Lava on La Palma swallow a hundred houses and flows slowly towards the ocean

The volcanic eruption on La Palma is still in full swing. Streams of lava are en route to the west coast of the Canary Island, but are now slower than previously reported.

The lava moved earlier today at a speed of 300 metres per hour towards the Atlantic Ocean and was expected there around 9pm Dutch time. But in the middle of the evening, researchers announced that the lava is moving slower and probably no longer arrives in the water today. Authorities fear explosions and release of toxic gases as lava flows reach the water.

Twelve metres high

More than a hundred houses have been damaged or engulfed by the lava. โ€œThe front of the rock is twelve metres high in some places. It eats up houses and flows over them,โ€ says correspondent Rop Zoutberg. โ€œLike a snail, the lava crawls through the landscape to the ocean.โ€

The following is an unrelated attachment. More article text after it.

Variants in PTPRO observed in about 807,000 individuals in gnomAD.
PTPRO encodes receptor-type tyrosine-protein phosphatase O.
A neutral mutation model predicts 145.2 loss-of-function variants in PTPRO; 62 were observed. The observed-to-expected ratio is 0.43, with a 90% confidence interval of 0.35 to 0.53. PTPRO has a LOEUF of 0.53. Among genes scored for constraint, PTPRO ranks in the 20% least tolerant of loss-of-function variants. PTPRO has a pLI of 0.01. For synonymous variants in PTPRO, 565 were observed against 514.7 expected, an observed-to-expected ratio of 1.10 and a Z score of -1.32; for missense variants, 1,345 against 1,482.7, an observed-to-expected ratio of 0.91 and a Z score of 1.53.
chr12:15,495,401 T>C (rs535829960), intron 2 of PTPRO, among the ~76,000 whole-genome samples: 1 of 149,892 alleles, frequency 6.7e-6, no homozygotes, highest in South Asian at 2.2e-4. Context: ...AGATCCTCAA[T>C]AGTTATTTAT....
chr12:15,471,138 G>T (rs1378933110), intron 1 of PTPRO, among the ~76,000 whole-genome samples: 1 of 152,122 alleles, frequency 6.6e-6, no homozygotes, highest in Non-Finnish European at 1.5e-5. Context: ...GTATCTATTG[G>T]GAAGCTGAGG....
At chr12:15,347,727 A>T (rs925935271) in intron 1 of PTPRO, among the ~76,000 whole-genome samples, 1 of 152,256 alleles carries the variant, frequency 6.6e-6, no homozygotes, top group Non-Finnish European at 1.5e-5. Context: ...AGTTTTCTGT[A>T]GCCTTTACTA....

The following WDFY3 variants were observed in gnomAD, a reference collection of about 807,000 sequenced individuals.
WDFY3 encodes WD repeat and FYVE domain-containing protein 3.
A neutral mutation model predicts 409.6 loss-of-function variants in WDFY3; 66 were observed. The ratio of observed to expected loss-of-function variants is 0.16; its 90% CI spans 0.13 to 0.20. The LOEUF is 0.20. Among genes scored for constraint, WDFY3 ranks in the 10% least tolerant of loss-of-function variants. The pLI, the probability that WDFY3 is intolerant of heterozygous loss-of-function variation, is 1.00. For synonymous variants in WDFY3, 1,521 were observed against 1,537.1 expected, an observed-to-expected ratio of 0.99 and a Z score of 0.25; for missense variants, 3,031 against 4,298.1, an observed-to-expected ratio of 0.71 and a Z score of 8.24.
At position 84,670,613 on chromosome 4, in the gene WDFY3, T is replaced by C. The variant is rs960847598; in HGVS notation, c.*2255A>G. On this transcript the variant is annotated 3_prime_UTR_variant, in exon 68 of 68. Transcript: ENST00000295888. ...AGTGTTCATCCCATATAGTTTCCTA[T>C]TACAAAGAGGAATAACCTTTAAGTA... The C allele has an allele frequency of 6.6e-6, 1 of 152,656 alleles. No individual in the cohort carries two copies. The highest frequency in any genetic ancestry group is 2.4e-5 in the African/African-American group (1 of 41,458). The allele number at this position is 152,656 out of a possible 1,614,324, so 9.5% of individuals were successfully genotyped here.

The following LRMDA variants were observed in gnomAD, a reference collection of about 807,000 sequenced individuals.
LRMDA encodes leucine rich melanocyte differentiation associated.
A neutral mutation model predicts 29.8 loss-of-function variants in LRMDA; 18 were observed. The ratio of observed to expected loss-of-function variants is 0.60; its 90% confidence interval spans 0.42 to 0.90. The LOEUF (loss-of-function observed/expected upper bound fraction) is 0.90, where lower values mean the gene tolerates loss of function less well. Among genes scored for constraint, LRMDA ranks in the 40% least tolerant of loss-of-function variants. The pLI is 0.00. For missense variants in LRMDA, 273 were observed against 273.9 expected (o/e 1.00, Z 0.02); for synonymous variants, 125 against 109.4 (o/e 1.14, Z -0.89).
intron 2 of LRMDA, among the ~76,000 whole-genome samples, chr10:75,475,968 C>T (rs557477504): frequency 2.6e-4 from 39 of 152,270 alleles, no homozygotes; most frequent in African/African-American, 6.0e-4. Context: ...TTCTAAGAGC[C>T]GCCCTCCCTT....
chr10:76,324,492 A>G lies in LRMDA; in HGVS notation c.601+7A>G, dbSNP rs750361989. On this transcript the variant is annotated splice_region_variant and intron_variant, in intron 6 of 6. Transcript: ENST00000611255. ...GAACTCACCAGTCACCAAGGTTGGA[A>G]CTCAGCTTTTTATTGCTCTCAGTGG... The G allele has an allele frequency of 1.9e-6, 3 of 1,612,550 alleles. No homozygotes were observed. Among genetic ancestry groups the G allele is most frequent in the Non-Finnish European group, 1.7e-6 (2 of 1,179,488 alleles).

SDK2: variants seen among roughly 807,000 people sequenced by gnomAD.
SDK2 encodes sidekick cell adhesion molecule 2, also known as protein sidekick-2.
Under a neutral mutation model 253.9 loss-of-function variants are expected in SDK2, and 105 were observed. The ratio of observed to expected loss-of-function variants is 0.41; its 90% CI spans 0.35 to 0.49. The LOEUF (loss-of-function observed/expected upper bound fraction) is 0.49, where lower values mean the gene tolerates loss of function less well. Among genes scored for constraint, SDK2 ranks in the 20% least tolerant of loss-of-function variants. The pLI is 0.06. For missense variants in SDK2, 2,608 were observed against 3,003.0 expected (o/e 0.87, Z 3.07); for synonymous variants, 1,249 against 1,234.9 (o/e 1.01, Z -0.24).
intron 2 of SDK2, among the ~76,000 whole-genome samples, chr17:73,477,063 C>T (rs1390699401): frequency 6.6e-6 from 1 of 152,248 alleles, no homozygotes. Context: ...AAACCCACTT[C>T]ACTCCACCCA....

The coastal town of Puerto Naos is in the danger zone. The residents have now been evacuated. In the region, 5500 people have had to leave their homes, including dozens of Dutch tourists.

Earlier today, lava flow reached the first houses:

โ€œThe whole of Spain is alive with La Palma,โ€ said Spanish Prime Minister Sรกnchez when visiting the island. He says that the state is making every means available to the islands citizens.

The fire department and the military monitor the situation and intervene when fires occur around the lava flow. So far, there have been no reports of victims.

Tourists take the precarious and leave home:

After a series of announcing earthquakes, the volcano erupted for the first time in 50 years yesterday. The volcano emits large amounts of smoke. The eruption has no major impact on global air traffic. However, some local flights have been dropped.